In 2005 the Burmese government declared jadeite a "national treasure" and mandated that all jadeite sales be centralized through auctions organized in Rangoon by the MGE. Because of the rising demand for jadeite from consumers in China, the junta has increased the number of MGE jadeite auctions to four from two. A consortium called the Union of Myanmar Economic Holdings (UMEH) also holds two auctions annually. (The UMEH and the Myanmar Economic Corporation are the two major industrial conglomerates controlled by the armed forces, dominating key economic sectors. Shares of UMEH are reserved for the military establishment.)

Around three thousand buyers attended the July auction, according to Hong Kong Jade Assn. Chairman Chan, with over 70% coming from China. The rest are mainly from Hong Kong, Chan adds.

Trading through unofficial channels has continued. Yau of Kam Wing Cheong says many visiting Burmese traders peddle stones from shop to shop on both sides of Canton Road, the strip in Kowloon's tourist district that is Hong Kong's jadeite trading center.

The postponement of the jadeite auction has not caused any panic in the Hong Kong trade. Since many large jadeite companies in Hong Kong bought large stocks of stones when availability was low, and hung on to them as an investment, they are not concerned about short-term supply fluctuations. "The supply has been so strong that prices of jewelry with medium- and lower-grade jadeite [up to $4,000 per item retail] are flat," says Yau. "Availability of jadeite has increased so much in recent years as mechanized mining methods have become widely used."

Robust Inventories

Traders have other sources of jadeite, too. Samuel Kung, owner of the eponymous Hong Kong trader and retailer, says that although the company purchases jadeite at the MGE's auctions, 90% of its goods come from from private companies in Burma, Hong Kong, and China. That provides them with a cushion even if the auctions don't resume soon. And even if the political situation in Burma worsens so much that Hong Kong traders are unable to purchase rough stones at the auctions, supply won't dry up altogether. "There are many visiting sellers and we have good connections with suppliers with huge stock," says Kung. "Although the political situation is delicate…we have established good relations with the [Burmese] people," he says.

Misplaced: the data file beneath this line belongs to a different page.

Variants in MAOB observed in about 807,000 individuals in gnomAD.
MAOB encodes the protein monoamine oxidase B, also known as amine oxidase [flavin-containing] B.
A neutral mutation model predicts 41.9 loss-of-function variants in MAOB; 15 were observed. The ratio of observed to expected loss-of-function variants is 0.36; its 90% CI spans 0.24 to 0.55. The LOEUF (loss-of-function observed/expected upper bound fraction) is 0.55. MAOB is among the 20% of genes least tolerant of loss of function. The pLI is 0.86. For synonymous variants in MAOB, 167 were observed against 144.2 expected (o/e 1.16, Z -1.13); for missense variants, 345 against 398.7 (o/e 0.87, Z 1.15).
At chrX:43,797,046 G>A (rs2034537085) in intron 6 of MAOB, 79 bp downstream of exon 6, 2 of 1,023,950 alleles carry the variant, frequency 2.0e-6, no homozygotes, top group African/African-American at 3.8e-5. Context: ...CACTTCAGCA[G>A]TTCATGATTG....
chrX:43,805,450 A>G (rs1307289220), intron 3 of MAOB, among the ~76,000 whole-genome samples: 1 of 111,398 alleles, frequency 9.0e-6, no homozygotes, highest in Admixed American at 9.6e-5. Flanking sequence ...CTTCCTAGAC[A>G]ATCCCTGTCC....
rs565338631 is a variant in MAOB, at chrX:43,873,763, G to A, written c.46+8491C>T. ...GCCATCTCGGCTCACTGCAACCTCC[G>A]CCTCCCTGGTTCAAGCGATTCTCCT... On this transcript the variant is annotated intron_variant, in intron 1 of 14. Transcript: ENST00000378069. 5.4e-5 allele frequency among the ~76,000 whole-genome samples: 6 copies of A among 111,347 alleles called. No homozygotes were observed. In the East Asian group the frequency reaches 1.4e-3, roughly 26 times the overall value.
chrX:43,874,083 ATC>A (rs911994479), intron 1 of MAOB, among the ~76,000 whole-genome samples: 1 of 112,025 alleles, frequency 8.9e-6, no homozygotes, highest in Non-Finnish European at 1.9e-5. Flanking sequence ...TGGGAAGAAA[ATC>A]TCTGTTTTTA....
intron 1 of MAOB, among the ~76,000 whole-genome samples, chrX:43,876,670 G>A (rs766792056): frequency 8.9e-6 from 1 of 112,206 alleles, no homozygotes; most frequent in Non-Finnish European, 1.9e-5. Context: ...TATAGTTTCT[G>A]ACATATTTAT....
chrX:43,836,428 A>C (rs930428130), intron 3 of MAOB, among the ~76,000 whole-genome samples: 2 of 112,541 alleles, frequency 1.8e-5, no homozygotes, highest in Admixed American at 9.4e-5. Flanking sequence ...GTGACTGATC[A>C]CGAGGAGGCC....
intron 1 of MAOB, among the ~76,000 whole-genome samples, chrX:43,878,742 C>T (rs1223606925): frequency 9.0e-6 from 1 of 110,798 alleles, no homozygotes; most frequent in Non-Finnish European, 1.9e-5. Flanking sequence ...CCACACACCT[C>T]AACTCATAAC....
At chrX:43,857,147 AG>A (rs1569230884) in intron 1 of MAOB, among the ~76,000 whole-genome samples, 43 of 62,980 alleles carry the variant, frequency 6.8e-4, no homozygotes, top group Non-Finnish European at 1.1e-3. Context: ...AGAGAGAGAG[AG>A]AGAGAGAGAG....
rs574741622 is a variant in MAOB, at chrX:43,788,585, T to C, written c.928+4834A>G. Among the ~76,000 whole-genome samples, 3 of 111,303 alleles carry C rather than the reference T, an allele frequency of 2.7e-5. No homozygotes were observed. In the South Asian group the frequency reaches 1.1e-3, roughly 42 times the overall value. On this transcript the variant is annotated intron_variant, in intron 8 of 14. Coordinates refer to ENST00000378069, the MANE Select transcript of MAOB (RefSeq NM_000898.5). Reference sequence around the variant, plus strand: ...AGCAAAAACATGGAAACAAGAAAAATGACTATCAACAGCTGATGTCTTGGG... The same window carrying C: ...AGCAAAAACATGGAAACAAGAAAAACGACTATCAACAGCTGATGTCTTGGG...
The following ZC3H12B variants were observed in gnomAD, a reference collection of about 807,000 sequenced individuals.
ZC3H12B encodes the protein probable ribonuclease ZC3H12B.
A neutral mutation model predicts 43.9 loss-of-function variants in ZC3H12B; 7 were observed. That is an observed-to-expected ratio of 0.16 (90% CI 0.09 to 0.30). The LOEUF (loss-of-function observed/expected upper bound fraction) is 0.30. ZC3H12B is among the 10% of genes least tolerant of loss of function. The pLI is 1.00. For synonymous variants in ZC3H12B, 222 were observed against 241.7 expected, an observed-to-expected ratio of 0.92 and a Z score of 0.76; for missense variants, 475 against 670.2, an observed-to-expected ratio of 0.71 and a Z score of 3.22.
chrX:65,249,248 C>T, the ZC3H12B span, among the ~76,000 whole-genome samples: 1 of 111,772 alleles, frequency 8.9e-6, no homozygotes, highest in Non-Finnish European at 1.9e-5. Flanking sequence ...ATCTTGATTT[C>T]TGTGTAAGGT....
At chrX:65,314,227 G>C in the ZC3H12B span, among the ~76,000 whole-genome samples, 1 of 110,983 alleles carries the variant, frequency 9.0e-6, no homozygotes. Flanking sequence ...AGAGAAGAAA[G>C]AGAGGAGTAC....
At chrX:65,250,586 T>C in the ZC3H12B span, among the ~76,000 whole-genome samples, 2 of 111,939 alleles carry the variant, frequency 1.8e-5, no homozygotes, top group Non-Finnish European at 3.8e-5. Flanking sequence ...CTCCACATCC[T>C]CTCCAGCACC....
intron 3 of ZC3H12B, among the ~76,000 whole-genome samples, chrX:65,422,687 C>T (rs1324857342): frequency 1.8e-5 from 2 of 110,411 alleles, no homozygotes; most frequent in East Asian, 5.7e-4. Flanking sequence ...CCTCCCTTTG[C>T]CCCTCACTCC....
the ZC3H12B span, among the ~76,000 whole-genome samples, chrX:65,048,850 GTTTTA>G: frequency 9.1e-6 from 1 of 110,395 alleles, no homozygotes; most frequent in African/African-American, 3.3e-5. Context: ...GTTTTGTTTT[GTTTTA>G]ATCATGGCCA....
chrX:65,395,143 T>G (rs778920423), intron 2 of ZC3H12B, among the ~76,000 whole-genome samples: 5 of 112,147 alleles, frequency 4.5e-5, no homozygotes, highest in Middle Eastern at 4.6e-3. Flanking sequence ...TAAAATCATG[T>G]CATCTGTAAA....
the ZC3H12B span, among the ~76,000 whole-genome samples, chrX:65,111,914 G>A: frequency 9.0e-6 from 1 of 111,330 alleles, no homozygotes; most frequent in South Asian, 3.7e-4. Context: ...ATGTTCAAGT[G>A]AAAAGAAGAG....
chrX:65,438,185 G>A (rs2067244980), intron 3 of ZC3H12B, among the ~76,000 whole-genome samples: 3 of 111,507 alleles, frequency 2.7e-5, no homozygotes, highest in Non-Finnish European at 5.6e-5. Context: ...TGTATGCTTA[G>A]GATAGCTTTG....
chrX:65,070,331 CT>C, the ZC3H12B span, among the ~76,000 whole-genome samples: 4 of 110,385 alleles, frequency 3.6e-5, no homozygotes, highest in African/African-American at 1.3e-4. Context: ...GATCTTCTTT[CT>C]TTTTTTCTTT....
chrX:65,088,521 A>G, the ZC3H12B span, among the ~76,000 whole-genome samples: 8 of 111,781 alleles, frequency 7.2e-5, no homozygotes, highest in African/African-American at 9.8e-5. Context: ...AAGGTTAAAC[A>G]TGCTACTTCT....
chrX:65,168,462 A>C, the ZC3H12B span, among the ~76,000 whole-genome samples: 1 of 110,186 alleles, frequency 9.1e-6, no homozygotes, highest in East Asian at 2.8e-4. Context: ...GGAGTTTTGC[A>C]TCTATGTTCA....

Kwok Man Chan of Shiu Lun, a wholesaler and retailer, thinks that if the military government in Burma continues to postpone the auction for several more months, many traders will benefit as they reduce excess inventory. "This should have positive impact on the market as the demand will outstrip the supply and prices will increase," he says.

However prices are likely to tumble if the government suspends the supply for more than a year. Many miners in Burma are independent companies that have taken out concessions from the government and have to keep producing in order to amortize their investment in mining gear. They "are doing mechanized mining in a systematic manner and some mines are in operation 24 hours a day. Stock builds up very quickly. And if the suspension of jadeite exports continues for an extended period, prices will drop when [the ban is lifted and] the accumulated stock floods the market all at once," Chan says.

Shrugging Off Negative Publicity

Despite the negative publicity Burma is generating in the West, Hong Kong jadeite companies interviewed say they are not worried since the main market for jadeite is in Asia, particularly China and Hong Kong. Chan of Shiu Lun reckons that the U.S. and Europe together account for less than 1% of the global jadeite market. Shiu Lun operates an outlet in an upscale Hong Kong shopping mall which sells to consumers from the U.S. and Europe. "None [of them] has discussed the political situation in Burma," he says.

At Kam Wing Cheong, Yau says the company has held a large stock of jadeite and does not plan to replenish it yet. "However we will buy rare, fine-quality [stones] when we come across them," he says. "We will not stop purchasing stones in Burma because of the political situation. The political chaos did not start with the junta; the country has been plagued by the conflicts with ethnic minorities for years. This is totally out of our control."